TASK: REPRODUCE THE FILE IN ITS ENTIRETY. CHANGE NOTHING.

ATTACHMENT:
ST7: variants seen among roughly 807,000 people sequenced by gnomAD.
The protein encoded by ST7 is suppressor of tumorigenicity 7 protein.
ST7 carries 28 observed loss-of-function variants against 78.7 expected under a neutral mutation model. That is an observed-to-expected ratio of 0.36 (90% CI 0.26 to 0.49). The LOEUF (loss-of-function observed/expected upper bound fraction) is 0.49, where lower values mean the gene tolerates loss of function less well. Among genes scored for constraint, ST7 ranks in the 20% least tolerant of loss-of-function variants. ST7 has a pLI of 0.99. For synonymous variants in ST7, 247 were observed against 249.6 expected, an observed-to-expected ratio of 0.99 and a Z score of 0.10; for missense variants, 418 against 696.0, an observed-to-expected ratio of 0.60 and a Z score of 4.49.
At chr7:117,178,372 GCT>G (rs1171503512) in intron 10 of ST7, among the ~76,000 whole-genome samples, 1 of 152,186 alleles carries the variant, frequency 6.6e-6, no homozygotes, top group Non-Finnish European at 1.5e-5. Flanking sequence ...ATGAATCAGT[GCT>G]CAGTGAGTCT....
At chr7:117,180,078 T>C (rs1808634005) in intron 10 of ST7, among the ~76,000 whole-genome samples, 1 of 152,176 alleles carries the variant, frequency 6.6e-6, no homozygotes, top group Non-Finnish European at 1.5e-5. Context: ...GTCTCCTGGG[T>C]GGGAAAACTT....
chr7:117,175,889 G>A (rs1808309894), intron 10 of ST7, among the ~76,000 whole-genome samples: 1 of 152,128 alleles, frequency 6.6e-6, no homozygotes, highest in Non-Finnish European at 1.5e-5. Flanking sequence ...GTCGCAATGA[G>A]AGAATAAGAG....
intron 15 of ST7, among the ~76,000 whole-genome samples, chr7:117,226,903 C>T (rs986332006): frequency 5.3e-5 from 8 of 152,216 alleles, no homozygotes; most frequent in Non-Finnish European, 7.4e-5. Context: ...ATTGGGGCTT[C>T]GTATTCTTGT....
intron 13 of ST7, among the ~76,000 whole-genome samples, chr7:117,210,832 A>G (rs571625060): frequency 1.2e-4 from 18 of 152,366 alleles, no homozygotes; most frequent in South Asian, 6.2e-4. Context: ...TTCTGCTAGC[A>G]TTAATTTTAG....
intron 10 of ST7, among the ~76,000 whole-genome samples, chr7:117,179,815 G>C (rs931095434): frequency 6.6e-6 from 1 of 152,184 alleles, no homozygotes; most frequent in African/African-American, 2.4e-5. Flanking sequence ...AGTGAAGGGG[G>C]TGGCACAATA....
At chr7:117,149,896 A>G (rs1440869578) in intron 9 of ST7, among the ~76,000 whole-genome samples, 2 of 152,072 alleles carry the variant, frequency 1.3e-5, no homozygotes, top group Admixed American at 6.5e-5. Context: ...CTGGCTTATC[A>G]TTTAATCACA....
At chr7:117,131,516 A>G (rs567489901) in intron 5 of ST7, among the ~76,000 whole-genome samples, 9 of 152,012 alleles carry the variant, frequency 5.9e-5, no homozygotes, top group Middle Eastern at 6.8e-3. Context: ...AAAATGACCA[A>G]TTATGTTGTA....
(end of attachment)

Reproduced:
ST7: variants seen among roughly 807,000 people sequenced by gnomAD.
The protein encoded by ST7 is suppressor of tumorigenicity 7 protein.
ST7 carries 28 observed loss-of-function variants against 78.7 expected under a neutral mutation model. That is an observed-to-expected ratio of 0.36 (90% CI 0.26 to 0.49). The LOEUF (loss-of-function observed/expected upper bound fraction) is 0.49, where lower values mean the gene tolerates loss of function less well. Among genes scored for constraint, ST7 ranks in the 20% least tolerant of loss-of-function variants. ST7 has a pLI of 0.99. For synonymous variants in ST7, 247 were observed against 249.6 expected, an observed-to-expected ratio of 0.99 and a Z score of 0.10; for missense variants, 418 against 696.0, an observed-to-expected ratio of 0.60 and a Z score of 4.49.
At chr7:117,178,372 GCT>G (rs1171503512) in intron 10 of ST7, among the ~76,000 whole-genome samples, 1 of 152,186 alleles carries the variant, frequency 6.6e-6, no homozygotes, top group Non-Finnish European at 1.5e-5. Flanking sequence ...ATGAATCAGT[GCT>G]CAGTGAGTCT....
At chr7:117,180,078 T>C (rs1808634005) in intron 10 of ST7, among the ~76,000 whole-genome samples, 1 of 152,176 alleles carries the variant, frequency 6.6e-6, no homozygotes, top group Non-Finnish European at 1.5e-5. Context: ...GTCTCCTGGG[T>C]GGGAAAACTT....
chr7:117,175,889 G>A (rs1808309894), intron 10 of ST7, among the ~76,000 whole-genome samples: 1 of 152,128 alleles, frequency 6.6e-6, no homozygotes, highest in Non-Finnish European at 1.5e-5. Flanking sequence ...GTCGCAATGA[G>A]AGAATAAGAG....
intron 15 of ST7, among the ~76,000 whole-genome samples, chr7:117,226,903 C>T (rs986332006): frequency 5.3e-5 from 8 of 152,216 alleles, no homozygotes; most frequent in Non-Finnish European, 7.4e-5. Context: ...ATTGGGGCTT[C>T]GTATTCTTGT....
intron 13 of ST7, among the ~76,000 whole-genome samples, chr7:117,210,832 A>G (rs571625060): frequency 1.2e-4 from 18 of 152,366 alleles, no homozygotes; most frequent in South Asian, 6.2e-4. Context: ...TTCTGCTAGC[A>G]TTAATTTTAG....
intron 10 of ST7, among the ~76,000 whole-genome samples, chr7:117,179,815 G>C (rs931095434): frequency 6.6e-6 from 1 of 152,184 alleles, no homozygotes; most frequent in African/African-American, 2.4e-5. Flanking sequence ...AGTGAAGGGG[G>C]TGGCACAATA....
At chr7:117,149,896 A>G (rs1440869578) in intron 9 of ST7, among the ~76,000 whole-genome samples, 2 of 152,072 alleles carry the variant, frequency 1.3e-5, no homozygotes, top group Admixed American at 6.5e-5. Context: ...CTGGCTTATC[A>G]TTTAATCACA....
At chr7:117,131,516 A>G (rs567489901) in intron 5 of ST7, among the ~76,000 whole-genome samples, 9 of 152,012 alleles carry the variant, frequency 5.9e-5, no homozygotes, top group Middle Eastern at 6.8e-3. Context: ...AAAATGACCA[A>G]TTATGTTGTA....